Bottles In The Wall I blacked out the front window here so I could give you a better idea of how the bottles look with the afternoon sun shining through them.


Don't Fence Me In
~How The West Was Lost~

Call some place paradise and they'll fence it in...

I collected all these fence company signs, and many more, over a quarter of a century ago. The greater portion of them are embossed tin, but a large number of the oldest ones are heavy enameled porcelain on steel.

For me they're a perfect and artfully graphic metaphor for the scourge upon the land we call civilization and progress.

Most of them are also reminders of a now historic time when we shared party-lines with phone numbers that had word prefixes such as Dickens, Diamond, Plaza, Capitol, or Exbrook. Some are really ancient, having only four or five digit numbers, with no prefix at all.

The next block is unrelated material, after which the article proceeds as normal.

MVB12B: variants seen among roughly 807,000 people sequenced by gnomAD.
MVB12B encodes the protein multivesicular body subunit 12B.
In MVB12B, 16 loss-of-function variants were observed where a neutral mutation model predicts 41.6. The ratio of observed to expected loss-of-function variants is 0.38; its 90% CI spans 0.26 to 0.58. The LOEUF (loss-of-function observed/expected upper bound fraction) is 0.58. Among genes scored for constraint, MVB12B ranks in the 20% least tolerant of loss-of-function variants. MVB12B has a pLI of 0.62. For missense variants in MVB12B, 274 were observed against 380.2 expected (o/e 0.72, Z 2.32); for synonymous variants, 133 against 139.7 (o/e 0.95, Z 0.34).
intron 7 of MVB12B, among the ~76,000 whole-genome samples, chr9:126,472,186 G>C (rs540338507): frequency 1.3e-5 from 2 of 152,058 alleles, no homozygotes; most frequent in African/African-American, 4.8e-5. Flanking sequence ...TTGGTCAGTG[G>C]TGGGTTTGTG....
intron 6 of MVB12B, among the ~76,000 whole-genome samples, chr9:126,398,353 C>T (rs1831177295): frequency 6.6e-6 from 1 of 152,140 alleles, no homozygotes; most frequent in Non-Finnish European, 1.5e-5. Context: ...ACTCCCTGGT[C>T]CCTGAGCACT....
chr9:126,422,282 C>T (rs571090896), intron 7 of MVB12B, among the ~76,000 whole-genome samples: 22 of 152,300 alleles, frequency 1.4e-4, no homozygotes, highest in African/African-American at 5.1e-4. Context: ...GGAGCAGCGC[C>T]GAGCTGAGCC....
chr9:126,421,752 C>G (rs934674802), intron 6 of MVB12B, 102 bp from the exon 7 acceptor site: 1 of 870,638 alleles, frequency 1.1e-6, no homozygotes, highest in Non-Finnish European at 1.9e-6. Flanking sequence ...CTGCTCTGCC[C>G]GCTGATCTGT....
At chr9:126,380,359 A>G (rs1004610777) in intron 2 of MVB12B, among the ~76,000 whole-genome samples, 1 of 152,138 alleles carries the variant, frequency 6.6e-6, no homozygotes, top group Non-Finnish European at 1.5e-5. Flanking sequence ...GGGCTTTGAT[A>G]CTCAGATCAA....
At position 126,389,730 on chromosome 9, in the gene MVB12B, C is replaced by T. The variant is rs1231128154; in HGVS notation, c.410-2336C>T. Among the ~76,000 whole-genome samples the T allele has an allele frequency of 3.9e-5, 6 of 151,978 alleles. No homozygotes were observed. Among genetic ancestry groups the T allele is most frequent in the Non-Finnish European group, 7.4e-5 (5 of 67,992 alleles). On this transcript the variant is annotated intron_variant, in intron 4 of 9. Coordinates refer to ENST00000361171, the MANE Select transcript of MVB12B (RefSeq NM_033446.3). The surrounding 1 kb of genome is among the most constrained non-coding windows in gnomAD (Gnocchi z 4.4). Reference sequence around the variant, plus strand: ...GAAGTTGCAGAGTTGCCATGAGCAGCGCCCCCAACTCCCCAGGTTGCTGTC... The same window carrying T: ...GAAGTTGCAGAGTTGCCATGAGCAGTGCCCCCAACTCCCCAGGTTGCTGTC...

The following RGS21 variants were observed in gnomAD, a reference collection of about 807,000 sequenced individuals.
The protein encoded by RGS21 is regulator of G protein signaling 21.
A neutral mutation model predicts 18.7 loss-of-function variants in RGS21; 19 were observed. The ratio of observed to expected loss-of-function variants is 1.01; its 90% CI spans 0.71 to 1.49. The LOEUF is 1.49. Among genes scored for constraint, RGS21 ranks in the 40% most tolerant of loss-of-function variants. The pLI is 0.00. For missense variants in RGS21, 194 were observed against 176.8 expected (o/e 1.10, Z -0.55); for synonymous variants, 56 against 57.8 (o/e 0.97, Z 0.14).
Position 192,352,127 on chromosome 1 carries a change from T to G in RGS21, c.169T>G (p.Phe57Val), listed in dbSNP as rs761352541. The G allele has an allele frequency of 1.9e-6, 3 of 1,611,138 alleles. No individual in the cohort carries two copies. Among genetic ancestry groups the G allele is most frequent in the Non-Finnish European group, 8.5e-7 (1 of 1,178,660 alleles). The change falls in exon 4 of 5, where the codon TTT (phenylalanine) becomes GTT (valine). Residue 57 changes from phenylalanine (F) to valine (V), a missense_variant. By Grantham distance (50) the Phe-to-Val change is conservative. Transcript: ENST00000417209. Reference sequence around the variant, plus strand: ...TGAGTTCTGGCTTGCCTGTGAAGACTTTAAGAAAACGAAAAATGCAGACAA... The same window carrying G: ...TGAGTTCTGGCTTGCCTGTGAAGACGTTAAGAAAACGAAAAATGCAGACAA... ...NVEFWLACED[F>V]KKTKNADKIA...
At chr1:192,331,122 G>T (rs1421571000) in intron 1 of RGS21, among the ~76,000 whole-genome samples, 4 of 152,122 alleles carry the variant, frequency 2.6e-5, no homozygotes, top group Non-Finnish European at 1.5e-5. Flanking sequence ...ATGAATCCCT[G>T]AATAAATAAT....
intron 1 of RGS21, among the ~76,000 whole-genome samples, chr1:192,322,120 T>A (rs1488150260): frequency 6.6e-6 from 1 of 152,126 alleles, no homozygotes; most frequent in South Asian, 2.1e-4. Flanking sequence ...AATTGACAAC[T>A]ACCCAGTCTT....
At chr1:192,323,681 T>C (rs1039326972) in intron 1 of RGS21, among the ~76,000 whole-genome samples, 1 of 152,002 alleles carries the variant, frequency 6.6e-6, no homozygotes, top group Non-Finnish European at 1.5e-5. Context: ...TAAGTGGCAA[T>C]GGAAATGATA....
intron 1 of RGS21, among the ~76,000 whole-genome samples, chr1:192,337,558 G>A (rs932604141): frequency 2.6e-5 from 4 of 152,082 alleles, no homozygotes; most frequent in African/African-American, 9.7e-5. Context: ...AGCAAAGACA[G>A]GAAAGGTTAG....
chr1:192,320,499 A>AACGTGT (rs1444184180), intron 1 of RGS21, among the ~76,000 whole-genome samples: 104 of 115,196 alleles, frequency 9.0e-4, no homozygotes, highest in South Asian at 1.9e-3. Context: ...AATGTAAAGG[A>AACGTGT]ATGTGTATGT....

More Relics
The purple-tinged 1937 Ford headlight lens I found many years ago in a junk store (For a couple of bucks) will now serve as a porchlight and the extremely rare 7up screen will help keep flies out of my little studio/shop. I've had the screen about 40 years, and they used to be everywhere, but I haven't seen another since I rescued this one from an old saloon door in the late 60s. The siding above the counter is old redwood planks I hauled home from some ruins, the fence signs are screwed to weathered recycled plywood, the entire shed is wrapped in left-over tar-paper from a neighbors playhouse project, and eventually the other walls will be sided with well-weathered gray pickets salvaged from several hundred feet of discarded picket fence I purloined from another neighbor who replaced it with chain link (The same wood that frames the 7up sign).